Joseph Hillaire (Lummi, 1894-1967) is recognized as one of the great Coast Salish artists, carvers, and tradition-bearers of the twentieth century. In A Totem Pole History, his daughter Pauline Hillaire, Scalla-Of the Killer Whale, who is herself a well-known cultural historian and conservator, tells the story of her father's life and the traditional and contemporary Lummi narratives that influenced his work. A Totem Pole History contains seventy-six photographs, including Joe's most significant totem poles, many of which Pauline watched him carve. She conveys with great insight the stories, teachings, and history expressed by her father's totem poles. Eight contributors provide essays on Coast Salish art and carving, adding to the author's portrayal of Joe's philosophy of art in Salish life, particularly in the context of twentieth century intercultural relations. This engaging volume provides an historical record to encourage Native artists and brings the work of a respected Salish carver to the attention of a broader audience.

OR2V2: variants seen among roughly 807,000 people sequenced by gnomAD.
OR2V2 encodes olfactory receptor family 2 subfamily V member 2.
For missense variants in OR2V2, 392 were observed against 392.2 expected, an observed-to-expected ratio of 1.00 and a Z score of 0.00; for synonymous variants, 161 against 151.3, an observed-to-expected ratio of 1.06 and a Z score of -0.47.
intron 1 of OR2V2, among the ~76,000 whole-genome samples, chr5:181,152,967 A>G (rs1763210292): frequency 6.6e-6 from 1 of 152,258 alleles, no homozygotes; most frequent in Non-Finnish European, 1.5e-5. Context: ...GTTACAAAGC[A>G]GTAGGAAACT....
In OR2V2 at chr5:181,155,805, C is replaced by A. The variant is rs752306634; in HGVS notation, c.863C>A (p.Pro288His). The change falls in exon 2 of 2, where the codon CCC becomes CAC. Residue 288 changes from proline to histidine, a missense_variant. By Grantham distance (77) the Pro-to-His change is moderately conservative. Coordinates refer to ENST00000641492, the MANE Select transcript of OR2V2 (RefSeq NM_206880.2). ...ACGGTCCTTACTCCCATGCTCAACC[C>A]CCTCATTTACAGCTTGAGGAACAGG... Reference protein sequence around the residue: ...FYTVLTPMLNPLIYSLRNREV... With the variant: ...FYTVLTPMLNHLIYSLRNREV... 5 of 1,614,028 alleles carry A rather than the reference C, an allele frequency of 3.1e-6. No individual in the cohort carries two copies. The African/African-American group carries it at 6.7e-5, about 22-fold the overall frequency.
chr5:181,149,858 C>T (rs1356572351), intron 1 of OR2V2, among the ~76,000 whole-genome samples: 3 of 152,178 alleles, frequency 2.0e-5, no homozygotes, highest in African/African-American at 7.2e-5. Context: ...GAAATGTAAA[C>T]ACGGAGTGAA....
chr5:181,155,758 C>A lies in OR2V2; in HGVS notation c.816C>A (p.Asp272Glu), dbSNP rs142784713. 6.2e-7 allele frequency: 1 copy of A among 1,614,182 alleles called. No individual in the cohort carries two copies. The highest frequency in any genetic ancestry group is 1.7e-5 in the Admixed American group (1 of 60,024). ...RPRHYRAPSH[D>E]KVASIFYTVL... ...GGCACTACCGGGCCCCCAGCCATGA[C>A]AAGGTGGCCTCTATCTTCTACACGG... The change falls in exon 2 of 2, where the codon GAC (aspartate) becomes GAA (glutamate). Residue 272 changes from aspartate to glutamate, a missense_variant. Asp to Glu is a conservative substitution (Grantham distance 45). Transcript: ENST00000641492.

Pauline Hillaire, Scalla-Of the Killer Whale (1929-2016), was a Lummi cultural historian, author, genealogist, artist, teacher, and conservator of Straits Salish knowledge and culture. She was the recipient of the 2013 Bess Lomax Hawes NEA National Heritage Fellowship Award. Gregory P. Fields is a professor of philosophy at Southern Illinois University Edwardsville. He is the author of Religious Therapeutics.
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